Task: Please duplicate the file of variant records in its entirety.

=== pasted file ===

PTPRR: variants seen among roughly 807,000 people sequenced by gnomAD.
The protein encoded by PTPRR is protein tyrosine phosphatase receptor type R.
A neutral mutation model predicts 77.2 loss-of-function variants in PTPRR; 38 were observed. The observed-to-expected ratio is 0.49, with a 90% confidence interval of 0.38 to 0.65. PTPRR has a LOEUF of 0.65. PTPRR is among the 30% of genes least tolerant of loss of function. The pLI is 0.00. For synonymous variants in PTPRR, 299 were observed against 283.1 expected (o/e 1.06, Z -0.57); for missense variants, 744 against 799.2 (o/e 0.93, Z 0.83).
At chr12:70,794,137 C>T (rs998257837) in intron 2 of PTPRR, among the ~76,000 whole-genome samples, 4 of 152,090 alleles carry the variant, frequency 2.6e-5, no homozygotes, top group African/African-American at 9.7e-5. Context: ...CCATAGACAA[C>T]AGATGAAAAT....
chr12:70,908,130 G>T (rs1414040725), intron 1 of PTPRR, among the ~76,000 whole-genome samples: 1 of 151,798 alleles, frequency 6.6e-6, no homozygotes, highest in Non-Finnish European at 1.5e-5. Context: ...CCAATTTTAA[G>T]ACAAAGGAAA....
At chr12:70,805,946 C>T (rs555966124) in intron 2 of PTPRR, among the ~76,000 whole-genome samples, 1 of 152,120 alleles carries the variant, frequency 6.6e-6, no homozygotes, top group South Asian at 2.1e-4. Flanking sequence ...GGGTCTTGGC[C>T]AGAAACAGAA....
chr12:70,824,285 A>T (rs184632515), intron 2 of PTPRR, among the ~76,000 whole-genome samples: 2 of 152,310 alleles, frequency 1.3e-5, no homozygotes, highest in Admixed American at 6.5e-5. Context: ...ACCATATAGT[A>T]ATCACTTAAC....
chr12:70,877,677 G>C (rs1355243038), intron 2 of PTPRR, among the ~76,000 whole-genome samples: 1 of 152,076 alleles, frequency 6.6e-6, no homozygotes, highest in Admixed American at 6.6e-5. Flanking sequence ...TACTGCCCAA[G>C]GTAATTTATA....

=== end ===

PTPRR: variants seen among roughly 807,000 people sequenced by gnomAD.
The protein encoded by PTPRR is protein tyrosine phosphatase receptor type R.
A neutral mutation model predicts 77.2 loss-of-function variants in PTPRR; 38 were observed. The observed-to-expected ratio is 0.49, with a 90% confidence interval of 0.38 to 0.65. PTPRR has a LOEUF of 0.65. PTPRR is among the 30% of genes least tolerant of loss of function. The pLI is 0.00. For synonymous variants in PTPRR, 299 were observed against 283.1 expected (o/e 1.06, Z -0.57); for missense variants, 744 against 799.2 (o/e 0.93, Z 0.83).
At chr12:70,794,137 C>T (rs998257837) in intron 2 of PTPRR, among the ~76,000 whole-genome samples, 4 of 152,090 alleles carry the variant, frequency 2.6e-5, no homozygotes, top group African/African-American at 9.7e-5. Context: ...CCATAGACAA[C>T]AGATGAAAAT....
chr12:70,908,130 G>T (rs1414040725), intron 1 of PTPRR, among the ~76,000 whole-genome samples: 1 of 151,798 alleles, frequency 6.6e-6, no homozygotes, highest in Non-Finnish European at 1.5e-5. Context: ...CCAATTTTAA[G>T]ACAAAGGAAA....
At chr12:70,805,946 C>T (rs555966124) in intron 2 of PTPRR, among the ~76,000 whole-genome samples, 1 of 152,120 alleles carries the variant, frequency 6.6e-6, no homozygotes, top group South Asian at 2.1e-4. Flanking sequence ...GGGTCTTGGC[C>T]AGAAACAGAA....
chr12:70,824,285 A>T (rs184632515), intron 2 of PTPRR, among the ~76,000 whole-genome samples: 2 of 152,310 alleles, frequency 1.3e-5, no homozygotes, highest in Admixed American at 6.5e-5. Context: ...ACCATATAGT[A>T]ATCACTTAAC....
chr12:70,877,677 G>C (rs1355243038), intron 2 of PTPRR, among the ~76,000 whole-genome samples: 1 of 152,076 alleles, frequency 6.6e-6, no homozygotes, highest in Admixed American at 6.6e-5. Flanking sequence ...TACTGCCCAA[G>C]GTAATTTATA....